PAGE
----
Idaho National Laboratory is poised to lend its deep bench of experts to a new resource for states wanting to learn more about advanced nuclear energy deployment.
The Advanced Nuclear State Collaborative, launched in February, has already received interest from 23 states. Now states have a platform for peer-to-peer discussions and one-stop easy access to experts, including those at the nation’s nuclear energy laboratory and its partners through the INL-led Emerging Energy Markets Analysis (EMA) team.
“The benefit to joining the collaborative is the shared technical assistance and collaboration to expand understanding of the issues state energy offices and public utility commissions will need to consider when making new nuclear reactors a reality,” said Kiera Zitelman, technical manager with the National Association of Regulatory Utility Commissioners (NARUC) Center for Partnerships and Innovation. “We hope regulators and energy officials will learn from their peers across the country.”
The collaborative is a partnership between NARUC and the National Association of State Energy Officials, and it receives funding from the U.S. Department of Energy’s Office of Nuclear Energy through the Department of Energy-NARUC Nuclear Energy Partnership. It will convene in person for the first time in April.
Paul Kjellander, a former member of the Idaho Public Utilities Commission and past president of NARUC, said the Advanced Nuclear State Collaborative would benefit from INL-led analysis. EMA is a collaboration between INL, University of Michigan, University of Wyoming, Massachusetts Institute of Technology, University of Alaska and Boise State University. The group is dedicated to advancing understanding of emerging energy markets.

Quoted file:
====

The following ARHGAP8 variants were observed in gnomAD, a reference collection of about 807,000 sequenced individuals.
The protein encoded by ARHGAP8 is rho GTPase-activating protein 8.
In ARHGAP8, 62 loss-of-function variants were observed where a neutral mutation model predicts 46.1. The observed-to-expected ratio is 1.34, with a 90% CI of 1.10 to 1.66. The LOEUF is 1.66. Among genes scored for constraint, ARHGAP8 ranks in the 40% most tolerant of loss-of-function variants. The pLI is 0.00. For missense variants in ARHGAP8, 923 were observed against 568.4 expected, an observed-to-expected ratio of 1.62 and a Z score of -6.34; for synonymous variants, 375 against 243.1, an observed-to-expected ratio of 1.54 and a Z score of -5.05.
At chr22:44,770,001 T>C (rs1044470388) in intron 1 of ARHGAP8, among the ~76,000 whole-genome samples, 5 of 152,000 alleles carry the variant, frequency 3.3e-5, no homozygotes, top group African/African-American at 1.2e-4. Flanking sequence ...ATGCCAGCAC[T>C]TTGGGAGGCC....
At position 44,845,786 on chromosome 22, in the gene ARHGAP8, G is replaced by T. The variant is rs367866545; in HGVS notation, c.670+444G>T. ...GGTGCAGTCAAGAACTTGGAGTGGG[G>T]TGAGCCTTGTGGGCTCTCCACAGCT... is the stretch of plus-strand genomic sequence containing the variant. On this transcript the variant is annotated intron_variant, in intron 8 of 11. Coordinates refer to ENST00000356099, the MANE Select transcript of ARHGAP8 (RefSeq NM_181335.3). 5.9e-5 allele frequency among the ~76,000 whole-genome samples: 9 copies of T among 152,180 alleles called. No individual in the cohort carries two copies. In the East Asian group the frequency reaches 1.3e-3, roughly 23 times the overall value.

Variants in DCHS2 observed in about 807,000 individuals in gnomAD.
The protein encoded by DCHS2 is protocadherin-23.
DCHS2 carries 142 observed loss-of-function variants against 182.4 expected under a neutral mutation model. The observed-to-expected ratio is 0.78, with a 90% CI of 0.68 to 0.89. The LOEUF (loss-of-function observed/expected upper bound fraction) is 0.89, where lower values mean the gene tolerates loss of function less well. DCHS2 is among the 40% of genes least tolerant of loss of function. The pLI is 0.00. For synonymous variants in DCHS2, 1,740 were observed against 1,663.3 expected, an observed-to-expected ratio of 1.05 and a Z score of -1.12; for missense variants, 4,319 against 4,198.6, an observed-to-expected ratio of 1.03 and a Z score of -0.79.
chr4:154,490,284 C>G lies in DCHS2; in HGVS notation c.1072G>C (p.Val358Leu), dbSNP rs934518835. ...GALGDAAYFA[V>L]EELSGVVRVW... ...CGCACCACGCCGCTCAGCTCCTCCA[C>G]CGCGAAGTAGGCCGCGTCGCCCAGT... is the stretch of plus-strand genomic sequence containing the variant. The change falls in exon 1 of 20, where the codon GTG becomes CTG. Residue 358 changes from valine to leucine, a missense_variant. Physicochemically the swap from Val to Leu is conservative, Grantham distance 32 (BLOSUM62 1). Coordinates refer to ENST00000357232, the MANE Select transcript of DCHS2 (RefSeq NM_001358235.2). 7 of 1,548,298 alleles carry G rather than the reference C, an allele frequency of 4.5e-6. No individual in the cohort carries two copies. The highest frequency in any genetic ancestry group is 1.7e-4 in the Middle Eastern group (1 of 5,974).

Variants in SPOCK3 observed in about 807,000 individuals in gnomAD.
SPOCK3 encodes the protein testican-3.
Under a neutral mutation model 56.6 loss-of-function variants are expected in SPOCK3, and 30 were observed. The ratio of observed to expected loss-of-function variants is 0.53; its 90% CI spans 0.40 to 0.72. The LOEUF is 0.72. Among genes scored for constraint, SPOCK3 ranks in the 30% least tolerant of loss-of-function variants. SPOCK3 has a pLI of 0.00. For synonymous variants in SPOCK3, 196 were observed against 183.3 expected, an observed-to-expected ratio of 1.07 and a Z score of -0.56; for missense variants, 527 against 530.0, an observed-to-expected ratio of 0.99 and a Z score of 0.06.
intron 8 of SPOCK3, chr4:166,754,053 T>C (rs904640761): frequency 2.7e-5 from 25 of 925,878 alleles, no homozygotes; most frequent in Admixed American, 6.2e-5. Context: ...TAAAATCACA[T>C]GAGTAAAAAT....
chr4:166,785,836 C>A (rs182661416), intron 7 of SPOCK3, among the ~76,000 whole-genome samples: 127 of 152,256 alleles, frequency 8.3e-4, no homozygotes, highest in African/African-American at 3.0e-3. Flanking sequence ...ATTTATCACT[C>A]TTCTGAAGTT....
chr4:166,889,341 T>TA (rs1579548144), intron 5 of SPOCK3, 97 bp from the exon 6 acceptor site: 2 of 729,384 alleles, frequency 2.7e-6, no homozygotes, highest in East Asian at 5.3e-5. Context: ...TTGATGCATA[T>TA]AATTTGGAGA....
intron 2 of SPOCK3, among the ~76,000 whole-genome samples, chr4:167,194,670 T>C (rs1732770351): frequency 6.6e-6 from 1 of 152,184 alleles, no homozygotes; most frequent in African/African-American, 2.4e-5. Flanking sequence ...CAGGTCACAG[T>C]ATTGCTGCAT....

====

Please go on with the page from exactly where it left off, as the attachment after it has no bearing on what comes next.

“By working with INL, the Advanced Nuclear Energy State Collaborative has access to not just top technical experts at the national lab, but the partners of the lab – which opens up even broader perspectives that stakeholders seek,” Kjellander said. “That’s a powerful combination to help state stakeholders make informed, holistic energy decisions.”
Steven Aumeier, senior advisor of strategic programs for INL’s Nuclear Science and Technology directorate, said this arrangement provides states with access to a range of informed perspectives involving technology, regulatory issues, economic implications and other considerations involving advanced nuclear energy.
“The EMA team provides an internationally recognized base of experience spanning technology, legal, social equity, regulatory, business and other areas of key importance in making energy decisions,” he said. “It’s a tremendous resource for those seeking to decide what their energy-driven economic future may look like.”
Numerous states have passed laws, initiated studies, or taken other actions to consider deploying advanced reactors. The Advanced Nuclear State Collaborative plans to convene members from interested states to participate in peer-sharing forums, site visits and in-person as well as virtual meetings that help those states prepare for the potential deployment of advanced nuclear energy. The collaborative’s efforts will address the information gaps and challenges that states are facing.
This effort will give states tools to address not just the financial and technical aspects of nuclear energy deployment, but also understand the economic and societal values it brings to a clean economy, Kjellander added.
“This will help develop a robust repository of information, ideas, and partnerships that benefits states headed toward advanced nuclear deployment.”
About Idaho National Laboratory
Battelle Energy Alliance manages INL for the U.S. Department of Energy’s Office of Nuclear Energy. INL is the nation’s center for nuclear energy research and development, and also performs research in each of DOE’s strategic goal areas: energy, national security, science and the environment. For more information, visit www.inl.gov. Follow us on social media: Twitter, Facebook, Instagram and LinkedIn.
Posted April 24, 2023.